Why we need research into contact between children and birth families
There is increasing recognition of the importance of supporting children to understand their history and identity to maximise healthy well-being and development. Despite this, decision-making about how contact is managed between children and their birth families when they are placed for adoption, removed from home through care proceedings, or voluntarily looked after by local authorities has evolved very little in recent years.
As a result, contact arrangements can be rigid and outdated. For example, ‘letterbox’ contact—the most common arrangement for the vast majority of adopted children—was designed for a pre-digital age and might not meet the needs of children and families now.
What we are doing
Nuffield FJO is bringing together the latest research and evidence to inform and inspire innovation in decision-making related to contact.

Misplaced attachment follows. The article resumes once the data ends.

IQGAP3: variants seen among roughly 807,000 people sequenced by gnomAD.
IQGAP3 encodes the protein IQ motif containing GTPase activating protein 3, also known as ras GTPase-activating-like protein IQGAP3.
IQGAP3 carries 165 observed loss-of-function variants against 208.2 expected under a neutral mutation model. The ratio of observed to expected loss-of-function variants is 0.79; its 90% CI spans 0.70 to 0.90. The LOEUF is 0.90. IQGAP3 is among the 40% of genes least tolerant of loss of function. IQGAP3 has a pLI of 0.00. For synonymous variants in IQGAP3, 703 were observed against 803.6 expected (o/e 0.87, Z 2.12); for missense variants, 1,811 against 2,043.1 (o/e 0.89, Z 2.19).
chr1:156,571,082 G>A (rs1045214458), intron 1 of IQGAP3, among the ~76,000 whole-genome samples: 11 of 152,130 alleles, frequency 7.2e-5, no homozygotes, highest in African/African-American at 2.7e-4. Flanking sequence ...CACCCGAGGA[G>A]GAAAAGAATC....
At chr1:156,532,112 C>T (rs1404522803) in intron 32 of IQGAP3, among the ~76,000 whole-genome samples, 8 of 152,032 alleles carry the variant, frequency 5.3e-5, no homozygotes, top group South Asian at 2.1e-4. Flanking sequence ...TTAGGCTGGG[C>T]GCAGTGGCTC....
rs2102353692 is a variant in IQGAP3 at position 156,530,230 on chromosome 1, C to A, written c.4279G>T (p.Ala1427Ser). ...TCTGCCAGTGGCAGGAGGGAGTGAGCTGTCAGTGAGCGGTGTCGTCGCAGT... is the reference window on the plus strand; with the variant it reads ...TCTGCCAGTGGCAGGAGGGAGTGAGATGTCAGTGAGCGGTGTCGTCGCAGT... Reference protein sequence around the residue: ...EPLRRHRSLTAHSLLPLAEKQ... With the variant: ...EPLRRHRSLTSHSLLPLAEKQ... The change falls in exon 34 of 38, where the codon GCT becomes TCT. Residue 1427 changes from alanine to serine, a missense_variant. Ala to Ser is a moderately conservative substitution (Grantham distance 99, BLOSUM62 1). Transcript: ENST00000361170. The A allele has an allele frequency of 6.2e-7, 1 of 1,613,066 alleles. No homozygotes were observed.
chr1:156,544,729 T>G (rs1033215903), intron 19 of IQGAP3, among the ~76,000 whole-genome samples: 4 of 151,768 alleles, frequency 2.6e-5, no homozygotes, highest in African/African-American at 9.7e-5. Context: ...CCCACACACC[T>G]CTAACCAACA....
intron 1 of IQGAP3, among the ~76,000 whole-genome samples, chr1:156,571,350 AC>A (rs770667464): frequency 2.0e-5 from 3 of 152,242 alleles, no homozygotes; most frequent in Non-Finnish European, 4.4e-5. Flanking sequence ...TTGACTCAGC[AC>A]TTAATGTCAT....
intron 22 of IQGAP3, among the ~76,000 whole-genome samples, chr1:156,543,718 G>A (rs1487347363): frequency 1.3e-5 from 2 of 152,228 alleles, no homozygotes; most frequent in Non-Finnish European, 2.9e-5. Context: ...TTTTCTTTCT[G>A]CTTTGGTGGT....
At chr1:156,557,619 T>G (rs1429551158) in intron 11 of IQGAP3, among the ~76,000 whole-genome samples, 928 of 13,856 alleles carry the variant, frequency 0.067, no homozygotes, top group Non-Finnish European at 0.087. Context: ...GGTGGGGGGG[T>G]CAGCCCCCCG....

Our review of UK and international literature on the risks and protective factors around contact between children and birth families, carried out by NatCen Social Research and the University of Sussex, brings together what is known about the implications for the well-being of children and young people who have been separated from their birth parents.
We have carried out a feasibility study into the potential role for digital in managing children’s contact in adoption, bringing together young adoptees, adoptive parents, birth parents, adoption agencies and local authorities and inspiring a set of pilots trialling new approaches to managing contact.